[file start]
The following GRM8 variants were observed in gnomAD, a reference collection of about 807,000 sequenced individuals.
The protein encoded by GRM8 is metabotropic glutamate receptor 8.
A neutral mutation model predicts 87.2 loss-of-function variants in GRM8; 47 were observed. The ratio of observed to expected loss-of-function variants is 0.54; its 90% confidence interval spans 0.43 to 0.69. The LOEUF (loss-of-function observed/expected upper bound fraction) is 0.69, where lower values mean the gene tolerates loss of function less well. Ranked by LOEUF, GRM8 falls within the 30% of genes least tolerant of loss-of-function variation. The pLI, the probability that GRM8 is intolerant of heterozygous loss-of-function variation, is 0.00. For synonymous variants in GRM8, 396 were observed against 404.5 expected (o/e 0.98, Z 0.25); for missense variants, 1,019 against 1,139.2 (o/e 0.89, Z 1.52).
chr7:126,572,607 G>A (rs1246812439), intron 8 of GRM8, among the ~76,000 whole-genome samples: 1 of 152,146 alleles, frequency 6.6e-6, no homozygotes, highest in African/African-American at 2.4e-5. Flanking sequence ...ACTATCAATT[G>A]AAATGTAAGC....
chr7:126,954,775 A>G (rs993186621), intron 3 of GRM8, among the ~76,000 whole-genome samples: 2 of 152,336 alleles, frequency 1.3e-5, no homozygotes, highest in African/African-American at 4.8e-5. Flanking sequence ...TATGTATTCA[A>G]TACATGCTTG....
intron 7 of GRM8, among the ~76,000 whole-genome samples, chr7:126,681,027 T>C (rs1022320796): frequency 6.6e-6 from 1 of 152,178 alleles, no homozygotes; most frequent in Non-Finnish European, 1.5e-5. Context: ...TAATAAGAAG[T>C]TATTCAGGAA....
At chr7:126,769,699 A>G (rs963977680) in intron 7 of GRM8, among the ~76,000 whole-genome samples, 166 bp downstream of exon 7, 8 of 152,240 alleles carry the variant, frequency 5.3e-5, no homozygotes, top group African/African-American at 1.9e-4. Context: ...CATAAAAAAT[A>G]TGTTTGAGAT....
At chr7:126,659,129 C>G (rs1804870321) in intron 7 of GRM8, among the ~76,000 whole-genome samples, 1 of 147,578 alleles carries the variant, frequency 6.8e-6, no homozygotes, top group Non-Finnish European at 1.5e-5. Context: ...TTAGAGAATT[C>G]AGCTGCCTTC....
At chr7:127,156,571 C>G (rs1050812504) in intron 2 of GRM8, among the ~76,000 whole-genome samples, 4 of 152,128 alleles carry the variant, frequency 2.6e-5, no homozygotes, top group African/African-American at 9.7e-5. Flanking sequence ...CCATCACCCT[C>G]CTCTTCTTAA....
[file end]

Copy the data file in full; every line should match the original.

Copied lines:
The following GRM8 variants were observed in gnomAD, a reference collection of about 807,000 sequenced individuals.
The protein encoded by GRM8 is metabotropic glutamate receptor 8.
A neutral mutation model predicts 87.2 loss-of-function variants in GRM8; 47 were observed. The ratio of observed to expected loss-of-function variants is 0.54; its 90% confidence interval spans 0.43 to 0.69. The LOEUF (loss-of-function observed/expected upper bound fraction) is 0.69, where lower values mean the gene tolerates loss of function less well. Ranked by LOEUF, GRM8 falls within the 30% of genes least tolerant of loss-of-function variation. The pLI, the probability that GRM8 is intolerant of heterozygous loss-of-function variation, is 0.00. For synonymous variants in GRM8, 396 were observed against 404.5 expected (o/e 0.98, Z 0.25); for missense variants, 1,019 against 1,139.2 (o/e 0.89, Z 1.52).
chr7:126,572,607 G>A (rs1246812439), intron 8 of GRM8, among the ~76,000 whole-genome samples: 1 of 152,146 alleles, frequency 6.6e-6, no homozygotes, highest in African/African-American at 2.4e-5. Flanking sequence ...ACTATCAATT[G>A]AAATGTAAGC....
chr7:126,954,775 A>G (rs993186621), intron 3 of GRM8, among the ~76,000 whole-genome samples: 2 of 152,336 alleles, frequency 1.3e-5, no homozygotes, highest in African/African-American at 4.8e-5. Flanking sequence ...TATGTATTCA[A>G]TACATGCTTG....
intron 7 of GRM8, among the ~76,000 whole-genome samples, chr7:126,681,027 T>C (rs1022320796): frequency 6.6e-6 from 1 of 152,178 alleles, no homozygotes; most frequent in Non-Finnish European, 1.5e-5. Context: ...TAATAAGAAG[T>C]TATTCAGGAA....
At chr7:126,769,699 A>G (rs963977680) in intron 7 of GRM8, among the ~76,000 whole-genome samples, 166 bp downstream of exon 7, 8 of 152,240 alleles carry the variant, frequency 5.3e-5, no homozygotes, top group African/African-American at 1.9e-4. Context: ...CATAAAAAAT[A>G]TGTTTGAGAT....
At chr7:126,659,129 C>G (rs1804870321) in intron 7 of GRM8, among the ~76,000 whole-genome samples, 1 of 147,578 alleles carries the variant, frequency 6.8e-6, no homozygotes, top group Non-Finnish European at 1.5e-5. Context: ...TTAGAGAATT[C>G]AGCTGCCTTC....
At chr7:127,156,571 C>G (rs1050812504) in intron 2 of GRM8, among the ~76,000 whole-genome samples, 4 of 152,128 alleles carry the variant, frequency 2.6e-5, no homozygotes, top group African/African-American at 9.7e-5. Flanking sequence ...CCATCACCCT[C>G]CTCTTCTTAA....